This is probably the first movie that comes to mind when you think of the Winter Olympics. This is a bobsledding-themed Rudy, in that the objective isn’t to win, but rather to remain competitive. The Jamaican bobsled team is the movie’s hidden weapon, with John Candy as the grizzled coach with a dark background and a chance to redeem himself. (However, Candy being a bobsledder defies credulity.) – As it was the final of his films to be released before he died, it hinted to a future for Candy that we would never get to experience.
5. Personal Best (1982)
It’s Robert Towne’s third appearance on this list, and the narrative of a squad of women (headed by Mariel Hemingway) preparing for the 1980 Olympic Games is no exception. This film is about a group of ladies who realize that their Olympic ambitions have been shattered, and thus have to settle for their “personal best” scores as a measure of success. It’s worth mentioning that this was a popular studio film from 1982 that depicts its protagonist in a delicate, mature love triangle as a bisexual. (The film’s failure at the box office was maybe inevitable.)
6. I, Tonya (2017)
Aside from criticisms of the film’s tendency to stretch the truth about Tonya Harding’s life and her involvement in the murder of Nancy Kerrigan, I, Tonya is a fun, wacky watch that never quite decides whether or not we’re supposed to take this seriously. As a result, the audience is as befuddled as the film itself. With Margot Robbie’s devoted performance and Allison Janney’s withholding, harsh mother, there is still some grandeur here. Ice skating scenes themselves are also rather good. The rest of the film isn’t very well-shot, but Tonya, like the film, seems most at ease while it’s moving.
7. Visions of Eight (1973)
Production executive David L. Wolper had an idea: why not bring in a number of international filmmakers to cover the same sporting event in their respective short films? It was the 1972 Munich Olympics that brought together Milos Forman, Arthur Penn, and John Schlesinger in Visions of Eight. Visions of Eight, like many omnibus films, has sections that are better than others. Director Claude Lelouch chose to focus on losers in his film A Man and a Woman, giving audiences a rare look at utter failure in a sports film.) There is an allure to the approach’s novelty since it suggests that various people can watch the same show and derive completely different conclusions from it. To be fair, Visions of Eight doesn’t go into great detail on how 11 Israeli athletes and instructors were kidnapped at the Munich Olympic Games and murdered. (Don’t be alarmed: There are two additional films on this list that deal with it in greater detail.)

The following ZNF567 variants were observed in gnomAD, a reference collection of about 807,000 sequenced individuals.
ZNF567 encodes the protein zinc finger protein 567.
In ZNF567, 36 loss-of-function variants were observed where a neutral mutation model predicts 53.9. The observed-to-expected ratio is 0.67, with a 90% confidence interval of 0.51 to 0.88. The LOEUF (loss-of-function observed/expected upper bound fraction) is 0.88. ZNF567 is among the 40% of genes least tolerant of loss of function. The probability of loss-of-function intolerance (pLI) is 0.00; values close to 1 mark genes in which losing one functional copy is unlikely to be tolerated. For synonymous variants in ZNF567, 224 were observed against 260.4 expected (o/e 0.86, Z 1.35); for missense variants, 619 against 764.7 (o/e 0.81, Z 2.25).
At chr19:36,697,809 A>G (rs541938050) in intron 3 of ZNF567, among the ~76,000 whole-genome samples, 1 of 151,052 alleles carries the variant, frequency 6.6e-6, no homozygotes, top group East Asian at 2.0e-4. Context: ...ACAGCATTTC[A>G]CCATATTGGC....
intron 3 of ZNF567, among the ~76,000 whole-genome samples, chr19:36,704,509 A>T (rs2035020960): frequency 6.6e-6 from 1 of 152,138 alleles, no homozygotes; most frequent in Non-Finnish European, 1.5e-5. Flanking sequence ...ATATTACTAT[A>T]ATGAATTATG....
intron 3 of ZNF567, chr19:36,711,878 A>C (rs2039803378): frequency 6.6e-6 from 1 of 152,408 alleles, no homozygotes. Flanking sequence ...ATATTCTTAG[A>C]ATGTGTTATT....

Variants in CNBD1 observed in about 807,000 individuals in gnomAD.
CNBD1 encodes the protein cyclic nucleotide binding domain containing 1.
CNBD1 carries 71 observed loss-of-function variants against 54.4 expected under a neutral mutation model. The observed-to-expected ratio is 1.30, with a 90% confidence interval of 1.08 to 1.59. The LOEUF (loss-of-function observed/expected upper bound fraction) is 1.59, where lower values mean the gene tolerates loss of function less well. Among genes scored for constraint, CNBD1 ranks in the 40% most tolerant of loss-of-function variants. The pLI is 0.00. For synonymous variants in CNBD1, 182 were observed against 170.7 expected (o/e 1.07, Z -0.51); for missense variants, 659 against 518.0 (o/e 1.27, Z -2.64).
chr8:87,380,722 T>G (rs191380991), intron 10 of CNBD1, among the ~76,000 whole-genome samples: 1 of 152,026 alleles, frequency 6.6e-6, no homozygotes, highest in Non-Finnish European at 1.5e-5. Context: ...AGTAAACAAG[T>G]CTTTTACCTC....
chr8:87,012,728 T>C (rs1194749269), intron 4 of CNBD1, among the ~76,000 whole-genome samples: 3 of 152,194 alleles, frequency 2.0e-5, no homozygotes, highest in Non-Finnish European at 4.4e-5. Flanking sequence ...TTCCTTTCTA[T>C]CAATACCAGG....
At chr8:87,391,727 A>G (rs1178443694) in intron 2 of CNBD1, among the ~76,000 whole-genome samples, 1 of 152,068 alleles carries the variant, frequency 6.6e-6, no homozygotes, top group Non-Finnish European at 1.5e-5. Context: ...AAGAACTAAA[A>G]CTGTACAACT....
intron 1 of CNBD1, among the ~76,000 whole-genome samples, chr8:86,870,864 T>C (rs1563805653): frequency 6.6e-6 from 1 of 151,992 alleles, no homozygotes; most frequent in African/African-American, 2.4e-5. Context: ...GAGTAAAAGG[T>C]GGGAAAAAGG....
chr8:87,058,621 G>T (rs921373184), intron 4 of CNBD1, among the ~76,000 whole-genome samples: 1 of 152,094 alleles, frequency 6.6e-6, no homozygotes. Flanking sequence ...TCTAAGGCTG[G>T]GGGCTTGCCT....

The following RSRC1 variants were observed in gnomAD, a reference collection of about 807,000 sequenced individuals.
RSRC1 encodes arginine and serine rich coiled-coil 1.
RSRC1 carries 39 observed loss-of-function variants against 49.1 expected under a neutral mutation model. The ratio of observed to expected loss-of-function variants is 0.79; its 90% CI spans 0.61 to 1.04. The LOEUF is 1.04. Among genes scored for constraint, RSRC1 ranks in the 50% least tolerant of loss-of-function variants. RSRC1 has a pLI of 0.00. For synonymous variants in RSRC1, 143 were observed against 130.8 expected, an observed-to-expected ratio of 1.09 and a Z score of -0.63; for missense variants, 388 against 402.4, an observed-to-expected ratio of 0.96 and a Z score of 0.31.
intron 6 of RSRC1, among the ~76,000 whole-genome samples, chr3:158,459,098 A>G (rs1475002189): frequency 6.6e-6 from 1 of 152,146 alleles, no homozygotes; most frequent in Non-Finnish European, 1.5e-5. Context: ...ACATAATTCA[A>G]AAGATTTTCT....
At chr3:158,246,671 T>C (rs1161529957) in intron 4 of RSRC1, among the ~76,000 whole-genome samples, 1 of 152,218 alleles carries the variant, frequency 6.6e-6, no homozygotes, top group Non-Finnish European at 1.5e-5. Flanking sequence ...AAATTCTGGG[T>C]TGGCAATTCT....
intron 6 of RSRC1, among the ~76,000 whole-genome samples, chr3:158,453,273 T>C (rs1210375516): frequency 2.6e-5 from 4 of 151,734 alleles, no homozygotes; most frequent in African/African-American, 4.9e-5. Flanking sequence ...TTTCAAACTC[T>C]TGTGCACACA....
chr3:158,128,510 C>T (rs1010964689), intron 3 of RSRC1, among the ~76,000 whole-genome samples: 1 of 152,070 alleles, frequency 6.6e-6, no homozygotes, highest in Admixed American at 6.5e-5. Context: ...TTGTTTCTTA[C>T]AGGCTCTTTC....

8. Miracle (2004)
There are a lot of feel-good underdog sports movies out there. In the rare occasion when a film hits the mark, it does it with true suspense and real emotion, overturning all preconceptions and preconceptions. The ecstatic portrayal of the 1980 Winter Olympics gold-winning U.S. men’s hockey team by director Gavin O’Connor, who overcame the odds to upset their strongly fancied competitors, is a superb example of how to properly make one of these documentaries. With Kurt Russell playing cantankerous coach Herb Brooks, Miracle tells the story of a scrappy group of no-name sportsmen who put their own egos aside to help the team succeed. Despite the fact that most people were familiar with how Miracle ended — the title alludes to the Americans’ semifinal upset of the Russians, dubbed the “Miracle on Ice” — few sports films convey a sense of community and the individual personalities within it as well as O’Connor did. The ending, on the other hand, is just fantastic.